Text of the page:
How Playing with Flowers Affects Well-Being

Posted on in Healthy Living by Fran Sorin


“Seeing beauty in a flower could awaken humans, however briefly, to the beauty that is an essential part of their own innermost being, their true nature.”

—Eckhart Tolle

Ican’t remember a time when I didn’t love flowers. I have memories as a child of my mother bringing lilacs, irises, and peonies in from the garden, arranging them in vases—playing with flowers for hours like an artist at work—until they pleased her eye.

She then would judiciously place them on the dining room and kitchen tables and buffets where several times a day I passed by and inhaled their intoxicating scents and gazed at their alluring beauty.

Without knowing it at the time, these living works of art opened me up to the world of wabi-sabi—an aesthetic that perceives beauty as impermanent, imperfect, and transient.

Most importantly, flowers made me happy. And not just me. A seminal 10-month study at Rutgers University of behavioral and emotional responses to receiving flowers showed that flowers are a natural and healthful moderator of moods.

Flowers have an immediate impact on happiness. All study participants expressed “true” or “excited” smiles upon receiving flowers, demonstrating extraordinary delight and gratitude. This reaction was universal, occurring in all age groups.

Flowers have a long-term positive effect on moods. Specifically, study participants reported feeling less depressed, anxious, and agitated after receiving flowers, and demonstrated a higher sense of enjoyment and life satisfaction.

Flowers make intimate connections. The presence of flowers led to increased contact with family and friends.

“Common sense tells us that flowers make us happy,” said Dr. Haviland-Jones, the lead researcher. “Now, science shows that not only do flowers make us happier than we know, they have strong positive effects on our emotional well-being.”

Playing with Flowers

I’ve been giving gardening workshops for several years throughout the US.

This exercise, called Playing with Flowers, is probably the most-loved exercise we do.

Here’s what to do:

  1. Take a trip to the nearest street vendor, farmers market, grocery store, or florist that sells locally sustainable, fair trade, or organic flowers. Whole Foods has a Whole Trade Guarantee for fair and ethical trade. Slow Flowers is a new and expanding site that lists American-grown flower sources.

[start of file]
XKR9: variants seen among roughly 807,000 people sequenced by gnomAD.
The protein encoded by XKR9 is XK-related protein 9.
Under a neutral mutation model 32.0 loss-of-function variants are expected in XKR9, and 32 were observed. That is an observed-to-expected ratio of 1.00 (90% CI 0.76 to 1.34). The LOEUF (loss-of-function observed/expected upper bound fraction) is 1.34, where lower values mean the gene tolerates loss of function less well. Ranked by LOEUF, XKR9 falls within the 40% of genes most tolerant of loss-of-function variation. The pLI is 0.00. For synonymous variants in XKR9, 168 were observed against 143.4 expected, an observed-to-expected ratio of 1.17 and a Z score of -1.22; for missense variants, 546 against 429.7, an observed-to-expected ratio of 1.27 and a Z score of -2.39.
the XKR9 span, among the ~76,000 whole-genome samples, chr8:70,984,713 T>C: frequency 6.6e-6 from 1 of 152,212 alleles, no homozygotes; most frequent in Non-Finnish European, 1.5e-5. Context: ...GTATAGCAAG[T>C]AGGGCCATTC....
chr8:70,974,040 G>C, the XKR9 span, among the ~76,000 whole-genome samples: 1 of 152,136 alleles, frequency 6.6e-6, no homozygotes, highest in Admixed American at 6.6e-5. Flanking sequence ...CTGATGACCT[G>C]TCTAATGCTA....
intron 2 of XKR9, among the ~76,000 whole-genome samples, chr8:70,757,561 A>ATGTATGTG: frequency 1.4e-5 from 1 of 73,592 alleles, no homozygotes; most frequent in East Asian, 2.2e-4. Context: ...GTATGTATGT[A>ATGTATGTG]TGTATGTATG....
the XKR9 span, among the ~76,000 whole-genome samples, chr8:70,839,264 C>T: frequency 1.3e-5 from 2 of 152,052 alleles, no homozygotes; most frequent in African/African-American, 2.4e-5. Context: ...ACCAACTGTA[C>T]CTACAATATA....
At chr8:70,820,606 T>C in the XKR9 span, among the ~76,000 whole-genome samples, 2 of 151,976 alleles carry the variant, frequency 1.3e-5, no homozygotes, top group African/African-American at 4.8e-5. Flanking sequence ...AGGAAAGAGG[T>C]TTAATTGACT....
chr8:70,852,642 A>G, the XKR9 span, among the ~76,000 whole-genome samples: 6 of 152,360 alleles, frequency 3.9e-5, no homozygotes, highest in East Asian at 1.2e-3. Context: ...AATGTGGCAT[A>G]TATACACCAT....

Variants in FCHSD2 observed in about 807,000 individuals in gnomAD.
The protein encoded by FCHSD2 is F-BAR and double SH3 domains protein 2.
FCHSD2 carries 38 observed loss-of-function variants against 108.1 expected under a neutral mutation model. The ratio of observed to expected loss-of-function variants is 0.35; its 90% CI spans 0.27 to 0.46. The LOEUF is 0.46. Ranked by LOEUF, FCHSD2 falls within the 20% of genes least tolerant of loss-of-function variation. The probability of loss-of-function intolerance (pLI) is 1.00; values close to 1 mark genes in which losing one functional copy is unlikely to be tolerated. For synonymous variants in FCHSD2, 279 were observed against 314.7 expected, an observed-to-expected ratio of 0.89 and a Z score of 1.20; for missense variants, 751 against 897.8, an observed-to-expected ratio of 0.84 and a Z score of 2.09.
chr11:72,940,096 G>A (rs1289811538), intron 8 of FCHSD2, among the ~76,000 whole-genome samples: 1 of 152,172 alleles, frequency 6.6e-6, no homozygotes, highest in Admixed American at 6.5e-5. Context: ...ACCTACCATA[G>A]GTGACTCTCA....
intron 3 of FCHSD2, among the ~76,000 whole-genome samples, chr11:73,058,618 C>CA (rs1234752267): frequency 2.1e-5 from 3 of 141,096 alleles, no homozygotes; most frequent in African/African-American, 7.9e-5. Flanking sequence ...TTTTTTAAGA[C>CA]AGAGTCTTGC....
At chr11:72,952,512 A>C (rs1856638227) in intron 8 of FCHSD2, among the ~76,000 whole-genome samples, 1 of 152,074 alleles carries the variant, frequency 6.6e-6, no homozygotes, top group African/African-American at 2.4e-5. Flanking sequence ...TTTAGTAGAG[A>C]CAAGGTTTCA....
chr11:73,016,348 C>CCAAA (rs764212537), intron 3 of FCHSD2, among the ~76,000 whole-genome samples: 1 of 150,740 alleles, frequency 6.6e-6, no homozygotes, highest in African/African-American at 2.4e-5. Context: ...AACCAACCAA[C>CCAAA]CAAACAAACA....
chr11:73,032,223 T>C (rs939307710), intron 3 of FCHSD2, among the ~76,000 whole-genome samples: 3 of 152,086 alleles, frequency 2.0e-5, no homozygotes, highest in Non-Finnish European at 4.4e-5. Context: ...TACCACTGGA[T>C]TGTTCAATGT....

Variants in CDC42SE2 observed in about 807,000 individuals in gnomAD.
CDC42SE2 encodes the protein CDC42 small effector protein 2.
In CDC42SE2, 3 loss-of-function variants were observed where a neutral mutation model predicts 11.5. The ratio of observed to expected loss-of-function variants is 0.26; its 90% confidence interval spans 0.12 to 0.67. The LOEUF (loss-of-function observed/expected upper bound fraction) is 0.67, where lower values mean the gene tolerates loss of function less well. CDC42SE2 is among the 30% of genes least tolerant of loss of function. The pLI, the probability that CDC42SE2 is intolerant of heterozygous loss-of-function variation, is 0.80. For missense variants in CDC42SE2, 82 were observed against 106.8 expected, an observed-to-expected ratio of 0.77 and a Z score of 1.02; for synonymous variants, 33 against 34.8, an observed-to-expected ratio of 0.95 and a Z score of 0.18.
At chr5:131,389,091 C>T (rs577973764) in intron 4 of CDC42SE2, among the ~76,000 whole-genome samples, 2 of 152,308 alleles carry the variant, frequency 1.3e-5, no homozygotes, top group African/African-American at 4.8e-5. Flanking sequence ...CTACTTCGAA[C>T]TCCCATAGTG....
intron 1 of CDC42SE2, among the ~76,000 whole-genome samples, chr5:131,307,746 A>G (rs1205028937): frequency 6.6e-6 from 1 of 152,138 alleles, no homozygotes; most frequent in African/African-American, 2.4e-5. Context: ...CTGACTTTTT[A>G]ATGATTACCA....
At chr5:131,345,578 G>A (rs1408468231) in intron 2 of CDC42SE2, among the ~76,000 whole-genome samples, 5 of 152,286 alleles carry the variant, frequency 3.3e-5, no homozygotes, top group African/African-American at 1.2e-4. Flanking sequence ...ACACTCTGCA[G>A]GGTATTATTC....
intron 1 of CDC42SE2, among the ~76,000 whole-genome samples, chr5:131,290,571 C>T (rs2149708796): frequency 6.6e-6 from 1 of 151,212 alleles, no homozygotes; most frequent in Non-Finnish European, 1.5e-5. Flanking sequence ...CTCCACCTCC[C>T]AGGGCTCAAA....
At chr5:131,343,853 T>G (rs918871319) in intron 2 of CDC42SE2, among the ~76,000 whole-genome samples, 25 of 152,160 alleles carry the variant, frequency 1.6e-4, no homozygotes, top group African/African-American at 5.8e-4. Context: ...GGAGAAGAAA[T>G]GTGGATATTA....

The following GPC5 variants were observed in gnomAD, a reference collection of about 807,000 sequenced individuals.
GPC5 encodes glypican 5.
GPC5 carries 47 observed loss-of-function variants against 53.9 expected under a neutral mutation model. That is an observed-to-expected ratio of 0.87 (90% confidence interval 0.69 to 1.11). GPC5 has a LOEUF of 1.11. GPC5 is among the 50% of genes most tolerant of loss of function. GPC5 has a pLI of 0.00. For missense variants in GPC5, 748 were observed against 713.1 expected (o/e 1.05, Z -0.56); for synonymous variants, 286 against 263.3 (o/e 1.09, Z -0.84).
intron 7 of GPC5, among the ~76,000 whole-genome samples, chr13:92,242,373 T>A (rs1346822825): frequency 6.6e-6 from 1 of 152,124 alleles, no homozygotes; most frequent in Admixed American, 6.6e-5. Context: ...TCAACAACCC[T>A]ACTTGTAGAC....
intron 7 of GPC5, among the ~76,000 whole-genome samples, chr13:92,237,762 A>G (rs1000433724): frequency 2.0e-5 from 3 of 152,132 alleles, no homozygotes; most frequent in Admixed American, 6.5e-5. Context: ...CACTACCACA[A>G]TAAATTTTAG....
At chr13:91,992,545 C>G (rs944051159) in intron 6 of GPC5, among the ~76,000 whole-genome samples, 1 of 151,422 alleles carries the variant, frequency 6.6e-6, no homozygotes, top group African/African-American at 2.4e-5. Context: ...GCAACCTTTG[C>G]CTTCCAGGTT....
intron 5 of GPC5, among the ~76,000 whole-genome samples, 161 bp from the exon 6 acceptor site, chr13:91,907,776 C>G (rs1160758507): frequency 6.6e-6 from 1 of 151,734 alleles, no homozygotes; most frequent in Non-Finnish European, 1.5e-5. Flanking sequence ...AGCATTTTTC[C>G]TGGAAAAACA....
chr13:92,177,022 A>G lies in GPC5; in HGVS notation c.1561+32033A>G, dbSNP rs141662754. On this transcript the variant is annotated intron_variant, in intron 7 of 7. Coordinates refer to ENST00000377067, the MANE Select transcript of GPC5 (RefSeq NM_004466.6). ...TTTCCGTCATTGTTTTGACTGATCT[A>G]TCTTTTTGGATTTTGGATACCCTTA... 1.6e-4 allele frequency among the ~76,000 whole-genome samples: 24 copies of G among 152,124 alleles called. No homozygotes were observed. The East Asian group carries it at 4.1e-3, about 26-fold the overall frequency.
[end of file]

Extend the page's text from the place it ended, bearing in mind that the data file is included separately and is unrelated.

2. If you’re a gardener and you have flowers blooming in your yard, you’re in luck! Pick out as many flowers as you want. Just let your eye go to what it likes and add them to your bunch. This is not the time to scrimp. My philosophy when doing this exercise is that more is better.
  3. Ideally, you want at least three varieties of flowers, in a range of colors. If you want to add some greenery or flowered branches, feel free to do so.
  4. When you get home, remove any excess leaves and trim the bottoms of the stalks on the diagonal. It is easiest to use a pruner, which you can find at any gardening center.
  5. Place the flowers in a sink filled with cool water, with the bottom of the stems submerged.
  6. Go through your cabinets and take out any kind of vases or containers you have that could hold flowers. Think outside the vase. You can use teakettles, jars, glasses, cachepots, or pitchers. And don’t limit yourself in terms of size—even the smaller tumbler or toothpick holder can look lovely holding the top of one blooming rose.
  7. Put on some music you love, unplug the phone, and just let yourself play with different arrangements. Experiment with a variety of combinations, and see what you like and dislike.
    Notice how colors, shapes, and textures of leaves and flower petals work together. If you start placing flowers in a container and don’t like the way it looks, dismantle and start again. There are no rules here, no boundaries, no goals you need to strive toward.
    I know there are countless books and articles about how to create lovely flower arrangements, but that’s not what this is about. You don’t have to be a professional florist here; in fact, striving for any kind of perfection negates the whole point. This is about just letting yourself go and playing, trusting your eye, and noticing all the interesting things you come up with.
  8. You may find that the critical voices in your head are quick to sabotage. This is all the product of the ego, rising up to make sure your spirit stays buried, right where the ego likes it.
  9. Notice how much you question and censor yourself. Let your kinder inner voice lead you through and nudge you into letting go and just being in the moment. Remember, you don’t have to do this brilliantly. You don’t even need to do it well. You just need to do it for the sake of the childlike soul within.
  10. When you’re finished playing with flowers, place the containers in various spots in your home where you’ll see them often. Change the water and trim the bottoms of the stems every day to keep them fresh and living longer (and to continue your interaction with them).
a lot of different flowers in the shop

This exercise has many benefits, including showing you how to start trusting your instincts, inspiring you to slow down and be in the moment, and opening you up to the profound beauty and power of flowers.

Fran Sorin is a coach and author of the highly acclaimed book Digging Deep: Unearthing Your Creative Roots Through Gardening. She is also a CBS Radio News, Huffington Post, and Psychology Today contributor.

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